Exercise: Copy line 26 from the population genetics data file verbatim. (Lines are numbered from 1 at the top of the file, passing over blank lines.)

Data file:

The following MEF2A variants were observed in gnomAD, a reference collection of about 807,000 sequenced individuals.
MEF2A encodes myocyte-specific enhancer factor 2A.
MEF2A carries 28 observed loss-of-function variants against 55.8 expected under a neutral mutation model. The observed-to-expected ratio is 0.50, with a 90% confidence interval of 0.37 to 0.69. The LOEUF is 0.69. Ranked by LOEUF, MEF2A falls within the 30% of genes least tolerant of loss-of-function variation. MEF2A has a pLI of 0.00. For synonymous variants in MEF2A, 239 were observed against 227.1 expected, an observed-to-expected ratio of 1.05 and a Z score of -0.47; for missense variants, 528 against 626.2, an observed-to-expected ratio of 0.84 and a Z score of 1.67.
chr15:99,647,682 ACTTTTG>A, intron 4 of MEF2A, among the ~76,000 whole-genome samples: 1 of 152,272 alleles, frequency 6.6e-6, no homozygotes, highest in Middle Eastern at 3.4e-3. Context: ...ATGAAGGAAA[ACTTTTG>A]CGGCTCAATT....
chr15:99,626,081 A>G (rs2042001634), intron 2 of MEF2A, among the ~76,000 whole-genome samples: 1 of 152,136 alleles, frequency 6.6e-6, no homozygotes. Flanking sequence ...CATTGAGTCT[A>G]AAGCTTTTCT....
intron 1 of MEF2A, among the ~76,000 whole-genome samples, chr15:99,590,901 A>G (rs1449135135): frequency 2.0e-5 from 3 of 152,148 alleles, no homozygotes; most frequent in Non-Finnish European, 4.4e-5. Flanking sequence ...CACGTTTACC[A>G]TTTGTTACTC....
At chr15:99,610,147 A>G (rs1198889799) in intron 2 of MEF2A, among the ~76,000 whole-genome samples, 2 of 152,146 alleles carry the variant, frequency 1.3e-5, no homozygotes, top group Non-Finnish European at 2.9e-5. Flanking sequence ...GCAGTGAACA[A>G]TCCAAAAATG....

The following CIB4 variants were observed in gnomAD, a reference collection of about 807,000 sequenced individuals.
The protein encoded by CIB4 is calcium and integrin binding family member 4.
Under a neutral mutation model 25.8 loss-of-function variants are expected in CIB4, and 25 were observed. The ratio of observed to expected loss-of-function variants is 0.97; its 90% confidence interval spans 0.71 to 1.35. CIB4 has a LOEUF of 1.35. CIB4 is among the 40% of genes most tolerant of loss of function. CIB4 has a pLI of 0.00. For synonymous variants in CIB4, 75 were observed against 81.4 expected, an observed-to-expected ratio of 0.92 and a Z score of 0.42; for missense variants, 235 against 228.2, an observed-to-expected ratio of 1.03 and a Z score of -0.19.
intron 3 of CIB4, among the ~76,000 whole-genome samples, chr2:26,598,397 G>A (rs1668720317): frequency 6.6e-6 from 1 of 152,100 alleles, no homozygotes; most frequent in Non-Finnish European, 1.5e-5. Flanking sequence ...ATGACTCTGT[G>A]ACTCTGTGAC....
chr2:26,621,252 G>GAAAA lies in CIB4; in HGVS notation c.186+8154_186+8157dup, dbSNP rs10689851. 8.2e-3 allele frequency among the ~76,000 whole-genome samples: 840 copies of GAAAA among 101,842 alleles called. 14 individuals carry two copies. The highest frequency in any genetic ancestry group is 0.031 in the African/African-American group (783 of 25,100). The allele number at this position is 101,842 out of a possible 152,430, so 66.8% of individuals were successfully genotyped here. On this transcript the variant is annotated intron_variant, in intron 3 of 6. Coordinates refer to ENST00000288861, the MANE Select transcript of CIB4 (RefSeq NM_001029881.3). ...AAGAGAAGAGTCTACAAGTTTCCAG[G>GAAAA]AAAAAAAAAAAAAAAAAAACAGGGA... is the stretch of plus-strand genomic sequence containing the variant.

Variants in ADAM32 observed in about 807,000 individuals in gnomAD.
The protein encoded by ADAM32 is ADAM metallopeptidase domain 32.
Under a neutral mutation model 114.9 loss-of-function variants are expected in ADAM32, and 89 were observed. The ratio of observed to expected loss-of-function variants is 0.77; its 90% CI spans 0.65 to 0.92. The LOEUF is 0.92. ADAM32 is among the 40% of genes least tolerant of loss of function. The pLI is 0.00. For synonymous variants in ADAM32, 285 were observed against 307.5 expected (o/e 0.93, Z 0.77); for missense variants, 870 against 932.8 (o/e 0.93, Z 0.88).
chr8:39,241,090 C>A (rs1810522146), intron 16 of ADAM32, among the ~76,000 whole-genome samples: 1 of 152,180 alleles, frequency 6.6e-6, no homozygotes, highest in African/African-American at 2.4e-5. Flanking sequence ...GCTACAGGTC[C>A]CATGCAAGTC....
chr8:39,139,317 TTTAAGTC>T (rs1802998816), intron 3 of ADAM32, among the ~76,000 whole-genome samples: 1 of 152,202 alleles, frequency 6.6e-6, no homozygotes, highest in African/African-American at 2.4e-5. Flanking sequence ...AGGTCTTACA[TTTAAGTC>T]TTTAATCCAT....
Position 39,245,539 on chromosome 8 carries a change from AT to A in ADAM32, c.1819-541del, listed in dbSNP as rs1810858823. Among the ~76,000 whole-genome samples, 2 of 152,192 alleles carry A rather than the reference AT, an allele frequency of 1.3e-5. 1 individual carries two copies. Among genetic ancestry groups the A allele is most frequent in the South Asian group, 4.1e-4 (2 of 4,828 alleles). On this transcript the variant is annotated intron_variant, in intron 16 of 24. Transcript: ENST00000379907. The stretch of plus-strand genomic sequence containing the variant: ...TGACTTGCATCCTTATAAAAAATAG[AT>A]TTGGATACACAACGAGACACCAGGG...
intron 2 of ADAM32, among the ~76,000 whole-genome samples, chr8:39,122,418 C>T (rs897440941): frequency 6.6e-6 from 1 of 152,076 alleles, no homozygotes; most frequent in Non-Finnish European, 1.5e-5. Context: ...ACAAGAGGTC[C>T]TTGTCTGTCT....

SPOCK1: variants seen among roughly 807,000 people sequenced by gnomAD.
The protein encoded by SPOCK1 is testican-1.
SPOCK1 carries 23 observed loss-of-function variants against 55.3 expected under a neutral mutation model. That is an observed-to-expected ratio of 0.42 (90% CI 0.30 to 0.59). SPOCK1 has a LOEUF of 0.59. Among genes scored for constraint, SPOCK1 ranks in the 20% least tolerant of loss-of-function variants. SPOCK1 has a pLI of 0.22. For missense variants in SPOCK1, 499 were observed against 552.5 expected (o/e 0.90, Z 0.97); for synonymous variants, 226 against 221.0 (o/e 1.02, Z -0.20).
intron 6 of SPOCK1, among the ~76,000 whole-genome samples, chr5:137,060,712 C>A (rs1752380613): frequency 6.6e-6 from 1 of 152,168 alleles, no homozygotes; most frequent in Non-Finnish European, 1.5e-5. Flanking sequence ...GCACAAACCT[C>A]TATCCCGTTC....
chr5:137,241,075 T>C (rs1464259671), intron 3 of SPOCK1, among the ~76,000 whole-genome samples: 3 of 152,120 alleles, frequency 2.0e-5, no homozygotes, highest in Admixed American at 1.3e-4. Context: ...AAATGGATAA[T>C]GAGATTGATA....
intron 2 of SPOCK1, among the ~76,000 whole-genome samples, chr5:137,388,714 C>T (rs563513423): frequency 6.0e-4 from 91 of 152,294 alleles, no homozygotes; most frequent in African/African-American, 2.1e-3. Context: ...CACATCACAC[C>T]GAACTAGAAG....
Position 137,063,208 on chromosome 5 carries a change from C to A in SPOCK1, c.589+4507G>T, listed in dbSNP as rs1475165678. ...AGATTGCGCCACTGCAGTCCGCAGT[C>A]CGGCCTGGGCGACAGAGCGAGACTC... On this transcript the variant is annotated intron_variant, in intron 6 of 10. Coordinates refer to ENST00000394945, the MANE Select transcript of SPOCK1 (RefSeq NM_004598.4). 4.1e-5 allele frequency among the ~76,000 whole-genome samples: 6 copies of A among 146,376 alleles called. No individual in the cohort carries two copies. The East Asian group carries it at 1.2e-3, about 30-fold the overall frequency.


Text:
Position 137,063,208 on chromosome 5 carries a change from C to A in SPOCK1, c.589+4507G>T, listed in dbSNP as rs1475165678. ...AGATTGCGCCACTGCAGTCCGCAGT[C>A]CGGCCTGGGCGACAGAGCGAGACTC... On this transcript the variant is annotated intron_variant, in intron 6 of 10. Coordinates refer to ENST00000394945, the MANE Select transcript of SPOCK1 (RefSeq NM_004598.4). 4.1e-5 allele frequency among the ~76,000 whole-genome samples: 6 copies of A among 146,376 alleles called. No individual in the cohort carries two copies. The East Asian group carries it at 1.2e-3, about 30-fold the overall frequency.